Maui Edit Part II: Upcountry

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As I said in my Maui Part I Post, our honeymoon was such a perfect balance of adventure and leisure! Our time spent up in the "Upcountry," by Haleākala, Paia and Makawao, was enriched with a pioneering and local feel. We loved the daring trek through Haleākala National Park where Mark Twain famously watched the sunrise, calling it the most "sublime spectacle" he had ever seen, back in the 1880s. It was certainly a sublime experience of all extremes - extreme cold, extreme wind, extreme natural elements. We did not see the sunrise (bummer!) but got to still hear the famous sunrise chant, see the foggy orange and pinks beyond the grey clouds, and felt the ice cold splinters of rain hit our faces. 

Towns like Makawao and Paia really do feel like they are Hawaiian frontier towns. It forces you to wonder what old Hawaiian missionary towns must have looked like, what faces and souls traveled through these places. I loved seeing clucking roosters strutting through the streets; vintage pickup trucks humming around. The town of Makawao was filled with so many wonders, and we only had limited time there - I am itching to go back and explore the coffee culture, general store, and the cuisine.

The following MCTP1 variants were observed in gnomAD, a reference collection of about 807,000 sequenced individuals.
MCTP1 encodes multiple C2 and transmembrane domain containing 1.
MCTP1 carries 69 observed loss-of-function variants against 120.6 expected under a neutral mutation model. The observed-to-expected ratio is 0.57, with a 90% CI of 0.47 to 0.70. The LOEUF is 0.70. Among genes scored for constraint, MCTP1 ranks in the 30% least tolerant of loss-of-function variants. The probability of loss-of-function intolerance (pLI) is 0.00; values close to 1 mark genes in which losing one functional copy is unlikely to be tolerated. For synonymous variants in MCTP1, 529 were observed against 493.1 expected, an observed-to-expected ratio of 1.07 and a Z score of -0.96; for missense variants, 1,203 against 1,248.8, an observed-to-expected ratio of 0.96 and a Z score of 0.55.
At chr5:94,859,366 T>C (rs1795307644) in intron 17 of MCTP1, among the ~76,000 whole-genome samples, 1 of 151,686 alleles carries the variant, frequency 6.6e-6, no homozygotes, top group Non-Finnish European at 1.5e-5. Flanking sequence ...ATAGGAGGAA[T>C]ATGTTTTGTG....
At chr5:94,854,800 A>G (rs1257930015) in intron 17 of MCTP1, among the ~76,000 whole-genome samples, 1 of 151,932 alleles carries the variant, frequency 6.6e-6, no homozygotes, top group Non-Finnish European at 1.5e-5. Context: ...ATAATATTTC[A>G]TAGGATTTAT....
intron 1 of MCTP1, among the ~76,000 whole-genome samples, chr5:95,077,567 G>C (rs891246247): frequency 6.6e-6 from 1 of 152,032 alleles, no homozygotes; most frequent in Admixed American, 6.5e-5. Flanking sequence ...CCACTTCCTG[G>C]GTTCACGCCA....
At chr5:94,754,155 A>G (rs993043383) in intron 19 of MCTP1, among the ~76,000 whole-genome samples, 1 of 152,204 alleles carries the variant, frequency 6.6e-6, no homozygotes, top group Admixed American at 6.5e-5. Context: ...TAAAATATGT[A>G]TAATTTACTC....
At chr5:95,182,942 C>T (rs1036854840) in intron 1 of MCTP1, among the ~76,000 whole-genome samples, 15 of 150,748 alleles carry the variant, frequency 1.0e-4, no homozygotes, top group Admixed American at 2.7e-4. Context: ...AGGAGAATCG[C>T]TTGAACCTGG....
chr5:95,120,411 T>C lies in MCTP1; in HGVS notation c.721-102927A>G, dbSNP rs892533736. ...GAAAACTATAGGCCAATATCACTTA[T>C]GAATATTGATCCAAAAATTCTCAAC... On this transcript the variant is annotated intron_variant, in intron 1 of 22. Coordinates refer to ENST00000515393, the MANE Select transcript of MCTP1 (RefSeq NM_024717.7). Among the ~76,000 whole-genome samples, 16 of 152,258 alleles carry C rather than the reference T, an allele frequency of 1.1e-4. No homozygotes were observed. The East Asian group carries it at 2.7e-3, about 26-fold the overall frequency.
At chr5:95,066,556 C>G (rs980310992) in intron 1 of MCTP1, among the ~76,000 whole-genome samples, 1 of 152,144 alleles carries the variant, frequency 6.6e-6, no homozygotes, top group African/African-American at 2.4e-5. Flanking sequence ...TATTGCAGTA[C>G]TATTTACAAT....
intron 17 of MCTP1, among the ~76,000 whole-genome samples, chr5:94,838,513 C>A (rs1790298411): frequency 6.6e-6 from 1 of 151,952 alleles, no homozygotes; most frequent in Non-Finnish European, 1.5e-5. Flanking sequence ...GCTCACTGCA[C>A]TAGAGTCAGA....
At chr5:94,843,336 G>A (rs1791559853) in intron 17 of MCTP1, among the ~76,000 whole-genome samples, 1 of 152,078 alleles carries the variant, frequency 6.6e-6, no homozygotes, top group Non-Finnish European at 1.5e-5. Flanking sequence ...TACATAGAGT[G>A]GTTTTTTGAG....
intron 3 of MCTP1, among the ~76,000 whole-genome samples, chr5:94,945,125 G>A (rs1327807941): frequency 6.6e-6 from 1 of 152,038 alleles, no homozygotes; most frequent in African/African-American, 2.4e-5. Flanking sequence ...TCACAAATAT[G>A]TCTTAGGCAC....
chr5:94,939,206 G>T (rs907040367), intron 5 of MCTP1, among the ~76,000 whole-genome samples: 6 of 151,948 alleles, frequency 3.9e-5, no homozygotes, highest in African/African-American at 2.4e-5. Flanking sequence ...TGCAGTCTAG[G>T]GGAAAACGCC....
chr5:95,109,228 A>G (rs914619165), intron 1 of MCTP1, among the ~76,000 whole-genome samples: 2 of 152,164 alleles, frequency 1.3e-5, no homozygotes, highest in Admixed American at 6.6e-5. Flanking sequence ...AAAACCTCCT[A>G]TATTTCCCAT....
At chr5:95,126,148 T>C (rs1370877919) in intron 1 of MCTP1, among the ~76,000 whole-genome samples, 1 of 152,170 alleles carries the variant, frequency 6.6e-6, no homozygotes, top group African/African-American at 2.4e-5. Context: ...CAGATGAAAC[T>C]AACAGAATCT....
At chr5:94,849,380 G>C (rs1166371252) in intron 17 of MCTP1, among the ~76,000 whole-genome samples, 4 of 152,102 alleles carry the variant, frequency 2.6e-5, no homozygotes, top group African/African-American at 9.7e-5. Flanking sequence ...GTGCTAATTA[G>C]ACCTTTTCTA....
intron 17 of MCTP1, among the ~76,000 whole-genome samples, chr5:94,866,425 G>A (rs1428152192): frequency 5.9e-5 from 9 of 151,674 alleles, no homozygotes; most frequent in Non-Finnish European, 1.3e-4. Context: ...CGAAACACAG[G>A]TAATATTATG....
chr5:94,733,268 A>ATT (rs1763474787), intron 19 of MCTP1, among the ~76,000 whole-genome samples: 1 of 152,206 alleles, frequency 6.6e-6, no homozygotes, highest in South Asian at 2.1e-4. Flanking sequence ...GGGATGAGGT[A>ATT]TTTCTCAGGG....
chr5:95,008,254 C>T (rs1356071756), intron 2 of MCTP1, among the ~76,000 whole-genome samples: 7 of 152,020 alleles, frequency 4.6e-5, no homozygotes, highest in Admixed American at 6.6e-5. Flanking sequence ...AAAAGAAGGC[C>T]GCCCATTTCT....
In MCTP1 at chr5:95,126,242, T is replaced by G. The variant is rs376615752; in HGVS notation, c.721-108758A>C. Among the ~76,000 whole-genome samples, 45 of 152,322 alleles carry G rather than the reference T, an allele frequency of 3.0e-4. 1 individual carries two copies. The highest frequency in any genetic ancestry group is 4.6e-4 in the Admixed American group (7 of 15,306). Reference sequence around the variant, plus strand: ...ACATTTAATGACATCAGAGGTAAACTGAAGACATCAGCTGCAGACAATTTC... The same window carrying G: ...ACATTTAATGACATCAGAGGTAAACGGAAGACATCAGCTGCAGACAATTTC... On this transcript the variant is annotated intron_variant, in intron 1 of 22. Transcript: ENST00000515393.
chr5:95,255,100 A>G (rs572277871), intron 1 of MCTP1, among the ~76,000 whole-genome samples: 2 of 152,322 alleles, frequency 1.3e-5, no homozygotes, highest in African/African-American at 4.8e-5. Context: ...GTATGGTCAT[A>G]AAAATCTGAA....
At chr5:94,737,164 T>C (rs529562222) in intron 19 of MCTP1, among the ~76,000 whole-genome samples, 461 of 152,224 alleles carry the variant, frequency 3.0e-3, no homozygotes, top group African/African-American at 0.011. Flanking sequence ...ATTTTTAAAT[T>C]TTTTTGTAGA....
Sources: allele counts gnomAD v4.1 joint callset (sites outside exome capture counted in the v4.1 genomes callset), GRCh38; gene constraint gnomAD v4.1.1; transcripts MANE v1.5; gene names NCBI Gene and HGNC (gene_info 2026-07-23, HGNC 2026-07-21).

Paia was also cool! The best part was absolutely the coffee. It is a not-so-secret gem that I think often gets touted as a hidden wonder in travel books, but it is definitely worth stopping. Nearby Hookipa Beach is famous for its windsurfers and giant sea turtles that hang out on the beach. Paia Fish House (not pictured) was recommended and highly praised in several blogs and websites, but we weren't all enthralled with it - it was loud, crowded, and not at all what we were expecting! BUT, it was a fantastic meal for a good price.

The upcountry, in all of its wild nature, was what complete our trip to Maui - it is an unmistakably different feel from the rest of the island. The foreign-looking flowers and mimosa trees, the ranches and farms, and all of the windy hills are what make the upcountry so rugged. It's like an untouched microcosm that is so different from the resorts on the rest of the island. 

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